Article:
Lotta dough. It’s just one analyst’s eye-opening estimate, but it is from veteran tech follower Rod Hall, now at Goldman Sachs. Hall’s estimate is that Google will pay Apple $9 billion this year and $12 billion next year to remain the default search engine on Safari, both on the desktop and on mobile devices. Apple also got some good news in two legal cases. A federal appeals court threw out a patent ruling over microprocessors that could have the cost the company over $500 million. And the International Trade Commission ruled that iPhones should not be banned from the country even though they may infringe on a Qualcomm patent.
Lotta dough, part two. Chinese Internet news and social startup Bytedance is raising $1.5 billion of private funding in a deal valuing the company at $75 billion, more than any other startup ever, including Uber, Bloomberg reports. The company is also the rare successful Chinese Internet player that has not been backed by either of the twin giants, Tencent and Alibaba.
Chocolate chipwich. After seeing rival Advanced Micro Devices advance, Intel said on Friday it would spend an extra $1 billion to expand its chip making capacity. Intel’s stock price gained 3% and AMD fell 5%.
Pie in the sky. Satellite communications service Iridium is partnering with Amazon‘s cloud unit to offer connectivity for smart devices in places beyond the reach of cellular networks. Dubbed CloudConnect, the new service will come online next year to spread the growing Internet of Things worldwide.
FOOD FOR THOUGHT
The always-just-over-the-horizon vision of flying cars remains the focus of a bevy of startups and corporate spinoffs. Many members of this incipient industry met last month in Arkansas for a secretive conference to discuss one early use case: air taxis. Reporter Eric Adams, writing for for Wired magazine, got access to the two-day affair and reveals that attendees included execs from Airbus, Google, Joby Aviation, TerraFugia, Uber, Virgin Galactic, Walmart, NASA, and the Air Force. One challenge is finding the huge amounts of capital needed to develop aircraft, Adams writes:
Still, the industry will have to spend hundreds of billions of dollars to develop this new system—too much money for the traditional VC funding model. “The finance panel spoke to the fact that over the next few years this industry is going to be driven more by strategic aerospace investment and non-VC investors with long time horizons,” says Verdego co-founder Eric Bartsch. “While urban air mobility is a huge financial opportunity, it doesn’t fit the classic mold for startup investment, which has traditionally been focused on less capital-intensive markets.”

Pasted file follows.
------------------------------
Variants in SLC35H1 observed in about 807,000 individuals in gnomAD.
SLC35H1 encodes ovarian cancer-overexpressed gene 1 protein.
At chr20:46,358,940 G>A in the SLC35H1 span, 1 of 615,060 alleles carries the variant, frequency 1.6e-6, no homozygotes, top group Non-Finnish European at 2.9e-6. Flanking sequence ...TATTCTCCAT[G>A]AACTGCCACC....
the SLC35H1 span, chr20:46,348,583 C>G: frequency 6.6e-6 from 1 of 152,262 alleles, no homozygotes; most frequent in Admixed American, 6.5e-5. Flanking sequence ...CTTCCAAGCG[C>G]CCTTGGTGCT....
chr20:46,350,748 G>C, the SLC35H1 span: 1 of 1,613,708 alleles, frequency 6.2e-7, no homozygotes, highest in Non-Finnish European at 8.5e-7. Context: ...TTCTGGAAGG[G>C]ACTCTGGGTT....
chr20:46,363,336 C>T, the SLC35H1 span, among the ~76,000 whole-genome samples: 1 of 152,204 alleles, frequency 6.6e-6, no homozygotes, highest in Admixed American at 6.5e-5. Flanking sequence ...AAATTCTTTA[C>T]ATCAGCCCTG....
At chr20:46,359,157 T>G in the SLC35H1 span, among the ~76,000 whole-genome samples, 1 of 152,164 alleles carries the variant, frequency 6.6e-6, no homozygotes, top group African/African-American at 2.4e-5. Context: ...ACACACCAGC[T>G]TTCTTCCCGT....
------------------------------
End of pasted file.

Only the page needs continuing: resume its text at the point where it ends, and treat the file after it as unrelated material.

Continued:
Jeff Schumacher, CEO of BCG Digital Ventures, an innovation, incubation, and investment arm of the Boston Consulting Group, thinks investors can handle long-term plays. “We will see the startups that have the most viable designs in the market first,” he says. “Those that have designs that include a pilot first will get up in the air faster than the ones that don’t. We will also see the two-seater options enter the market sooner than the four-seater, as they weigh significantly less.”
IN CASE YOU MISSED IT
I Tried Facebook’s New Oculus Quest VR Headset. Here’s What It Was Like By Jonathan Vanian
MirMir Is Star-Studded Photo Software for the Social Set By Sheila Marikar
The MBA’s Decline Is Now Even Affecting Elite Business Schools By Grace Dobush
Looks Like an Unannounced New Chromecast Accidentally Got Stocked at Best Buy By Lisa Marie Segarra
How Wineries and Distilleries Are Addressing Climate Change By Rachel King
BEFORE YOU GO
There’s free coffee for Brown University students at the new Shiru Cafe in Providence, R.I. Only one catch at this outlet of the Japanese chain: students must disclose personal information including names, phone numbers, email addresses, and birthdates to get the free cup of jo. “Through a free drink we try to give students some information [about] which sponsor company would like to inform exclusively for university students to diverse the choices of their future career,” Shiru explains on its web site. Hmm.